THE contentious debate on whether to provide contraceptives to teenagers or not has once again dragged moral and religious crusaders to the fore and typical of such discussions it will end in tears and no concrete policy framework to address the issue in a holistic manner.
Scientific and empirical evidence are being measured against the moral bar which albeit is only fielded when it suits the wielder.
That teen pregnancies are rampant is not in contention, that young girls aged 12 are indulging in these is again not in dispute. Closely tied to this is the rampant backyard abortions which always end tragically for young girls.
But what is being debated is should we then provide contraceptives to teenagers or we raise our moral placards and say no? Is it enough to deny contraceptives and hope the children will not partake of the sacred act while we are not watching?
How practical is it to preach abstinence to today’s youth and not safeguard this with measures for those who may fail to keep their purity.
Teen pregnancy is not the only enemy, HIV and Aids is also a big threat to young girls.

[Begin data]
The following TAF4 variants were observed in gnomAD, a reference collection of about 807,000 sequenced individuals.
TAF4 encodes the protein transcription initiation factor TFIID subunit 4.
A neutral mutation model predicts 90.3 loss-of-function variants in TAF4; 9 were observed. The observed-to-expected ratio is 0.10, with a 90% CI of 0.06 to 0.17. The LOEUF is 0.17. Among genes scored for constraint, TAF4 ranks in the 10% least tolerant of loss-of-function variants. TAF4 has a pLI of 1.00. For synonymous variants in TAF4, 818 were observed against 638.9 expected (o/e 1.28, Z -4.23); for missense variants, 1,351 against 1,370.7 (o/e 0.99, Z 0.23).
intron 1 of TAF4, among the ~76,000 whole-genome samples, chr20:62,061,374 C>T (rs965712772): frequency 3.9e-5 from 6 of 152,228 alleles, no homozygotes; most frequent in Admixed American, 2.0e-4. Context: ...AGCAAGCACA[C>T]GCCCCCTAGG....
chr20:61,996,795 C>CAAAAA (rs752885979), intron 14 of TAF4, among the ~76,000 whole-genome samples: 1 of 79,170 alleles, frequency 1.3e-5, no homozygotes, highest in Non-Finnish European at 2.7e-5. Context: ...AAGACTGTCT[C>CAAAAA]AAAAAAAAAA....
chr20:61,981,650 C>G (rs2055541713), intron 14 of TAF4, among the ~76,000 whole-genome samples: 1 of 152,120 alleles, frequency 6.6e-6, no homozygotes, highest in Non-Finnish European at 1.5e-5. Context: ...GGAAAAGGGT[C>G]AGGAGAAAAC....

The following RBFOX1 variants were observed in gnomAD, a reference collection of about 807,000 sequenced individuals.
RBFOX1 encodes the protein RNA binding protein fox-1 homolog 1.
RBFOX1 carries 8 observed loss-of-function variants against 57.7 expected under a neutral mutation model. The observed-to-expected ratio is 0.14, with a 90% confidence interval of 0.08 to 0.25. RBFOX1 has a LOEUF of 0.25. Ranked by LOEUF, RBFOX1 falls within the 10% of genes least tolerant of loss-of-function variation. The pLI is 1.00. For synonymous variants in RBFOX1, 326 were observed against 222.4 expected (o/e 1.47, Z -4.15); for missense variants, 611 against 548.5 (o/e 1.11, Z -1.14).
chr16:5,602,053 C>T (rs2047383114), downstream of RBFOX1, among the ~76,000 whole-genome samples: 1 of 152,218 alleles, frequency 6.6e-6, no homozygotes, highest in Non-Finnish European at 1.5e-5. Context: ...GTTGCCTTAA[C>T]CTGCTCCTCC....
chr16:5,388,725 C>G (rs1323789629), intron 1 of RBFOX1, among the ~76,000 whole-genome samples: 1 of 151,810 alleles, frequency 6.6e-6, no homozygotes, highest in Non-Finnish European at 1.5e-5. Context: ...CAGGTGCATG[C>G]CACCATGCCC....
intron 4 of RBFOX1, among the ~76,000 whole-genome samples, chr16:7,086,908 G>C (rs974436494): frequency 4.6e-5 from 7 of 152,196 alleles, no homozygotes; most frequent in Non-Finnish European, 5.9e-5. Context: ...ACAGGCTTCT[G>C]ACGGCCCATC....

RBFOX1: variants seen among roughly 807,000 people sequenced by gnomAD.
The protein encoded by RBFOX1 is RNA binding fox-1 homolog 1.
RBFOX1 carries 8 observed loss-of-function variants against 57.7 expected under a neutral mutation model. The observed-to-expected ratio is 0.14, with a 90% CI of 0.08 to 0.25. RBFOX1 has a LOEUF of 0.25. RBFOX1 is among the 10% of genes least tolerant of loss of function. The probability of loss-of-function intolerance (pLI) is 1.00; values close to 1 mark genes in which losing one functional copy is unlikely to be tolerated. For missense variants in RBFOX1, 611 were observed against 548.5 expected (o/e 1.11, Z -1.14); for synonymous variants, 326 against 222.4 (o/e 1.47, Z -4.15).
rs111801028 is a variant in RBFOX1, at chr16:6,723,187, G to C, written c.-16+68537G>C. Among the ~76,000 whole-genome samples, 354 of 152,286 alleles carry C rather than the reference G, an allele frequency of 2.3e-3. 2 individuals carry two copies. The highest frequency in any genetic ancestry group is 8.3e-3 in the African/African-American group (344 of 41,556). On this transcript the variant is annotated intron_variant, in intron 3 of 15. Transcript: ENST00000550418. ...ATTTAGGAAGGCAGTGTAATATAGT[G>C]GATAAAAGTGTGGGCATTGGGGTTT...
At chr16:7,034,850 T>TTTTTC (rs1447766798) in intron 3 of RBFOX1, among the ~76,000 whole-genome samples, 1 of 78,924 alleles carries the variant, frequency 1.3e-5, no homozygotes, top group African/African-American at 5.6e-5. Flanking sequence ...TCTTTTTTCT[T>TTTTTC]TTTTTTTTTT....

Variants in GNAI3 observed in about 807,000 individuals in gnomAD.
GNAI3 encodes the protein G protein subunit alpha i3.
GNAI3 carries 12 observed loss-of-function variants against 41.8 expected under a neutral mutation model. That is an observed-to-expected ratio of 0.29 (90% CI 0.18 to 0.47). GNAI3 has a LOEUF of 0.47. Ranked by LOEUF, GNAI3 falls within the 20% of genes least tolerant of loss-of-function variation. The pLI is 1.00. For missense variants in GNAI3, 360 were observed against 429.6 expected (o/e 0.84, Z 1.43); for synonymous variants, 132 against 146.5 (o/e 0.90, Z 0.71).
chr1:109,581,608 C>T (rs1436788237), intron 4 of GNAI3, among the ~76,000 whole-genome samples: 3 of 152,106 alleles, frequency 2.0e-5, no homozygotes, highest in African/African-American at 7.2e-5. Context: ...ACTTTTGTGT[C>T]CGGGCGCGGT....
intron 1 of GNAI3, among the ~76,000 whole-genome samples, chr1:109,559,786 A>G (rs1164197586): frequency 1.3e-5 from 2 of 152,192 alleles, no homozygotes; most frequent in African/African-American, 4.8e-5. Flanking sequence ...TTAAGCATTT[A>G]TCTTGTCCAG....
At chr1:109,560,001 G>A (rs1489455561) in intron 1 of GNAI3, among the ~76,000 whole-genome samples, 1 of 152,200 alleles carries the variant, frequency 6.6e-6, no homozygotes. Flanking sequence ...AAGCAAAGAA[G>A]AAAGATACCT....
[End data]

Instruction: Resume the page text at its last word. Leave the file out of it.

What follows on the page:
The debate must be based on facts and not on religious, moral grounds or emotions.
While the legal age of majority is 18 years and that of consent to sex is 16 there is overwhelming evidence that girls below 16 are already experimenting with sex and a quick glance at statistics of teen pregnancies supports this position.
What is also critical and undeniable is that most of the partners are older men who have the means, but just want to play and have fun. They will not lack because urban poverty is everywhere and the young girls are vulnerable.
So to shoot down efforts by local civic society organisations who petitioned Parliament to reduce legal age of consent to use contraceptives/access to reproductive health services to 12 years is to say the least folly.
Indeed Zimbabwe is known for its high moral standards, but there is need to bring a balancing act to this debate.
The Public Health Act is one of the pieces of legislation that can be utilised to resolve this debate which is now being reduced to emotional outbursts devoid of workable options.
Access to essential life-saving sexual and reproductive health services without parental consent should not be considered in isolation, but also the drivers around it.
It does not mean giving access to contraceptives is tantamount to granting our children a licence to be promiscuous.
It simply is a safety net for those who will slip and currently many have gone down that route.
We should not sanitise this, but tackle it with sober minds.
Whichever way this will go, the official conclusion must put the young girls at the centre. Everyone has a role in bringing up morally upright children. The blame game should just stop!